August 14, 2022

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Some of us are partly Neanderthals, and that can affect how we treat different medicines - NRK Trøndelag

Some of us are partly Neanderthals, and that can affect how we treat different medicines – NRK Trøndelag

Not everyone reacts to medication the same way. There could be different reasons for exactly that.

But now researchers have found that this may also have something to do with our heritage. The legacy of our early relatives.

Every person born outside Africa today has between 1 and 4 percent of their DNA from Neanderthals.

And one such genetic variant, which 20% of all Europeans possess, ensures that it takes longer for the body to clear certain drugs from the system.

– This came as a surprise. It’s interesting to see that mixing with Neanderthals had medical consequences to this day, Hugo Zeberg tells NRK.

He is a researcher at Karolinska Institutet in Sweden, and led the new institute the study.

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important balancing

In order for the drug to be effective and harmless, it is important to take the right amount.

For example, when we swallow a pain-relieving tablet, our body immediately begins the process of breaking down the drug.

This task is performed by confirmed enzyme in our liver. But the activity of these enzymes varies from person to person. some It “works” slower.

This means, among other things, that what is a file Believes One person’s medication dose may be dangerous for another person.

And now researchers have discovered it Less efficient enzymes are inherited from Neanderthals.

Epox and blood thinners

Among the drugs that take these enzymes the longest to break down are ibuprofen (Ibux), warfarin (a blood-thinning drug known as Marevan), and statins.

If you are a carrier of the gene variant in question, ibuprofen, for example, has one half life In nine hours in the body. Two hours is normal for others.

Ibux is one of the drugs affected by Neanderthal inheritance, according to the new study.

Photo: Ola Magaland/NRK

Hugo Zeberg says the discovery isn’t necessarily very important to doctors and patients, but he still thinks it’s noteworthy.

For a physician, it may not be very important to know that this variant gene originates from Neanderthals. But for people interested in evolution and medicine, it’s fascinating to see the effects of this inheritance among people today.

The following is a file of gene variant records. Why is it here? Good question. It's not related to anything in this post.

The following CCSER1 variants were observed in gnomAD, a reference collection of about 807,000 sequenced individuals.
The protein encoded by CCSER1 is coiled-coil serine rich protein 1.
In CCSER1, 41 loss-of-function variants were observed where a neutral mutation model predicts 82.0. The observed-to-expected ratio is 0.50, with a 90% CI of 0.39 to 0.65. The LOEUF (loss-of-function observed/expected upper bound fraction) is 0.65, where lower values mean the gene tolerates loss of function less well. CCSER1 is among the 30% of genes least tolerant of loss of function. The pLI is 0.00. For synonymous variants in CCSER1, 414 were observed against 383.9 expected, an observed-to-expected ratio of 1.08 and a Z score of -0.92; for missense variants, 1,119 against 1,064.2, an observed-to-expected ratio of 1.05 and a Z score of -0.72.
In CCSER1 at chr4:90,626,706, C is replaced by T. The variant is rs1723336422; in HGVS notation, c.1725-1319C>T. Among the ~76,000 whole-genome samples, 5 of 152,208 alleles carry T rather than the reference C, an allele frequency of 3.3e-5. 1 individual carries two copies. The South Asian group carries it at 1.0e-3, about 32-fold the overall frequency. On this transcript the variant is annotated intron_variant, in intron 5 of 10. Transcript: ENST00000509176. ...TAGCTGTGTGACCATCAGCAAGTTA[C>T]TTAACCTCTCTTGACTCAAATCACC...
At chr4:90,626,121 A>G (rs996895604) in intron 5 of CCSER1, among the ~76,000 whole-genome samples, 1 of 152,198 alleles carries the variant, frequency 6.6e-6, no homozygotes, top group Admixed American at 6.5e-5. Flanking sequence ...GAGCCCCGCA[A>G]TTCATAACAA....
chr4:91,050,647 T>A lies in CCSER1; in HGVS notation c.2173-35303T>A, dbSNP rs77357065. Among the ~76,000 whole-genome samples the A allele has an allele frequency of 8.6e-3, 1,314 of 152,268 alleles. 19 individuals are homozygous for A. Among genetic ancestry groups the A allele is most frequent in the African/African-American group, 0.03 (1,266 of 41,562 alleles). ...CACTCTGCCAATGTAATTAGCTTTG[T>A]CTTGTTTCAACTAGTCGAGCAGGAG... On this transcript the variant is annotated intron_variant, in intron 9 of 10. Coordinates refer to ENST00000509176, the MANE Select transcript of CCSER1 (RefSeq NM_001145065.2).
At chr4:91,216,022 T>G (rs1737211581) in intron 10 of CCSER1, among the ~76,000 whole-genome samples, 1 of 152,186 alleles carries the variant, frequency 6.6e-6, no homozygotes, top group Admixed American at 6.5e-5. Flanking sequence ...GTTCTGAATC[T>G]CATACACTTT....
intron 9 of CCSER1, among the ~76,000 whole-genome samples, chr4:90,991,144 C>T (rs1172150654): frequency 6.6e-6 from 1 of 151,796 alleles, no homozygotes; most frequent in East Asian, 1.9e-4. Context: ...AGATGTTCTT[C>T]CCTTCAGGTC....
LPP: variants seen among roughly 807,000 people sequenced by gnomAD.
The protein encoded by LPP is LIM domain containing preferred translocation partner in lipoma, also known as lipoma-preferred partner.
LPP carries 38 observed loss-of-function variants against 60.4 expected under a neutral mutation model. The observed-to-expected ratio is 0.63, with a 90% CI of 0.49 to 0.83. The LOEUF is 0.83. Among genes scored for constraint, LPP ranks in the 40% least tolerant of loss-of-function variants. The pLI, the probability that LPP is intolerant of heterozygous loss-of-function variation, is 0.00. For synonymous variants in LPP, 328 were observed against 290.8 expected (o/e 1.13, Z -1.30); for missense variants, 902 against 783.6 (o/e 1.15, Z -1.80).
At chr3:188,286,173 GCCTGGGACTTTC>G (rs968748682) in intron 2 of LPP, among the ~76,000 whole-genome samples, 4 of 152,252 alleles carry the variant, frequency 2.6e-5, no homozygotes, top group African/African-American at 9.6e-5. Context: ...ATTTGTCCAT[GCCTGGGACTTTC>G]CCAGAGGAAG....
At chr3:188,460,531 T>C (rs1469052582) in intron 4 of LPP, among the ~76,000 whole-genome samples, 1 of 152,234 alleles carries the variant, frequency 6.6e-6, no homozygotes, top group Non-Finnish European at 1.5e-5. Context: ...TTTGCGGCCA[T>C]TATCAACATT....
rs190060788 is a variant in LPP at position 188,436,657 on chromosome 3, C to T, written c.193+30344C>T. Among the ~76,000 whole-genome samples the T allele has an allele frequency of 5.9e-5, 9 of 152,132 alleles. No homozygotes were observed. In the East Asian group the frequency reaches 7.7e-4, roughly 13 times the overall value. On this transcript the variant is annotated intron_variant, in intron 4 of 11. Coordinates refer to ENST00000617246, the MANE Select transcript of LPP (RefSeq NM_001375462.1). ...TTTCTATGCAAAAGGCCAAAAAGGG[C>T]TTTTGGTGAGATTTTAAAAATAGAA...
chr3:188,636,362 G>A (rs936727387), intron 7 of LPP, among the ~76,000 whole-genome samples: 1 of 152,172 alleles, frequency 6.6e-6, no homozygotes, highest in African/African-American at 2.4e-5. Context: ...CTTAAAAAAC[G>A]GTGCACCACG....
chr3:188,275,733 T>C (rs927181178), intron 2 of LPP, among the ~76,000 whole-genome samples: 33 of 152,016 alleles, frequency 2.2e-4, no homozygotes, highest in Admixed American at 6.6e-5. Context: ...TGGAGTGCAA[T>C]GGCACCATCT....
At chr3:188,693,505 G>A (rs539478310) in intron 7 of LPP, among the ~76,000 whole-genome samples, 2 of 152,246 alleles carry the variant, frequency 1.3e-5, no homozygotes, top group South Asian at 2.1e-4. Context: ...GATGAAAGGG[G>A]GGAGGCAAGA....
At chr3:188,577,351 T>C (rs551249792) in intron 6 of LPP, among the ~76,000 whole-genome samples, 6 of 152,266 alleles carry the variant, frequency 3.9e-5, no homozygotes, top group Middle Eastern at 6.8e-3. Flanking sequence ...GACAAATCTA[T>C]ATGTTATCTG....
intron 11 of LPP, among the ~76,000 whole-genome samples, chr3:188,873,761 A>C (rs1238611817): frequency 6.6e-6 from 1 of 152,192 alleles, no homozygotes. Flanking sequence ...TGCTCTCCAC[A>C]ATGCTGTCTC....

And only in recent years has one learned how important this knowledge is. Inheritance from Neanderthals also played a role in relation to MERS.

These genetic variants are medically important. We’ve seen that especially with regard to covid-19. It is estimated that approximately one million people have died from this variant in the past three years.

Provides better understanding

Neanderthals lived in Europe and Asia for hundreds of thousands of years before the appearance of modern humans.

For some time they lived side by side, making children with each other.

So even though our relatives are long gone, we still preserve their legacy.

It is not yet known exactly what this legacy will entail, but the more time passes, the more answers we get.

The researchers believe that although the new discovery may not make much difference to medical treatment, it is still significant.

However, tracing the origin of variations in such important enzymes can give us a better understanding of the environment in which they evolved. It helps us understand the healthy diversity we see today.

Hugo Seiberg, researcher at the Karolinska Institutet.

Hugo Seiberg researches Neanderthal heritage. Over the past few years, he and his colleagues have found many interesting connections.

Photo: private